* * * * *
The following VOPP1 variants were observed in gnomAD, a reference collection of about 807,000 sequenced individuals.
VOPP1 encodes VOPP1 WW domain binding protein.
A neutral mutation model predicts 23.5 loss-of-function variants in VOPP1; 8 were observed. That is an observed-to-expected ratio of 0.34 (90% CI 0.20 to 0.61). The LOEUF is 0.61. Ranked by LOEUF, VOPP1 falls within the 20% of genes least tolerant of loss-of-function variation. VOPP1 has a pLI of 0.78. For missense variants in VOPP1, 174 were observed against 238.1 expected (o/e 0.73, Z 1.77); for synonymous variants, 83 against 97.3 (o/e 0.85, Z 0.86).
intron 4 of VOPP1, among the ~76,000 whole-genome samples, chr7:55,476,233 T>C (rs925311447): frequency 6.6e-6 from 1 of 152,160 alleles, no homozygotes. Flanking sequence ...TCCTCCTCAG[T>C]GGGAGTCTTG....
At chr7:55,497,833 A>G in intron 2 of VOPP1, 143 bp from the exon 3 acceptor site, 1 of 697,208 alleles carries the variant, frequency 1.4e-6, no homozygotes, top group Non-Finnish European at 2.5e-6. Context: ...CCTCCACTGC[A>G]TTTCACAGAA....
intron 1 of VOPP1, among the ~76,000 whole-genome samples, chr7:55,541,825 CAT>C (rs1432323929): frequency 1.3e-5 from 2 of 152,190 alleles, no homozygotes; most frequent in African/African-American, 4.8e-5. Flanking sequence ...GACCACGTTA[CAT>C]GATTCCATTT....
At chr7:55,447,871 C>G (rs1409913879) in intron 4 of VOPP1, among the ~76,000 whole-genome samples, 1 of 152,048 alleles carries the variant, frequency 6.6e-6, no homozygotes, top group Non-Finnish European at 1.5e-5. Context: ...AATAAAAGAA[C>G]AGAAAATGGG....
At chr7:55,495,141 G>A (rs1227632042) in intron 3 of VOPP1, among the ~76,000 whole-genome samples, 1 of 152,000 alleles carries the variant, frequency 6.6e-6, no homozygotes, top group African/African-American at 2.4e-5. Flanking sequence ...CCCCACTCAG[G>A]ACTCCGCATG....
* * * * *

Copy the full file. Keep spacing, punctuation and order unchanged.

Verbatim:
The following VOPP1 variants were observed in gnomAD, a reference collection of about 807,000 sequenced individuals.
VOPP1 encodes VOPP1 WW domain binding protein.
A neutral mutation model predicts 23.5 loss-of-function variants in VOPP1; 8 were observed. That is an observed-to-expected ratio of 0.34 (90% CI 0.20 to 0.61). The LOEUF is 0.61. Ranked by LOEUF, VOPP1 falls within the 20% of genes least tolerant of loss-of-function variation. VOPP1 has a pLI of 0.78. For missense variants in VOPP1, 174 were observed against 238.1 expected (o/e 0.73, Z 1.77); for synonymous variants, 83 against 97.3 (o/e 0.85, Z 0.86).
intron 4 of VOPP1, among the ~76,000 whole-genome samples, chr7:55,476,233 T>C (rs925311447): frequency 6.6e-6 from 1 of 152,160 alleles, no homozygotes. Flanking sequence ...TCCTCCTCAG[T>C]GGGAGTCTTG....
At chr7:55,497,833 A>G in intron 2 of VOPP1, 143 bp from the exon 3 acceptor site, 1 of 697,208 alleles carries the variant, frequency 1.4e-6, no homozygotes, top group Non-Finnish European at 2.5e-6. Context: ...CCTCCACTGC[A>G]TTTCACAGAA....
intron 1 of VOPP1, among the ~76,000 whole-genome samples, chr7:55,541,825 CAT>C (rs1432323929): frequency 1.3e-5 from 2 of 152,190 alleles, no homozygotes; most frequent in African/African-American, 4.8e-5. Flanking sequence ...GACCACGTTA[CAT>C]GATTCCATTT....
At chr7:55,447,871 C>G (rs1409913879) in intron 4 of VOPP1, among the ~76,000 whole-genome samples, 1 of 152,048 alleles carries the variant, frequency 6.6e-6, no homozygotes, top group Non-Finnish European at 1.5e-5. Context: ...AATAAAAGAA[C>G]AGAAAATGGG....
At chr7:55,495,141 G>A (rs1227632042) in intron 3 of VOPP1, among the ~76,000 whole-genome samples, 1 of 152,000 alleles carries the variant, frequency 6.6e-6, no homozygotes, top group African/African-American at 2.4e-5. Flanking sequence ...CCCCACTCAG[G>A]ACTCCGCATG....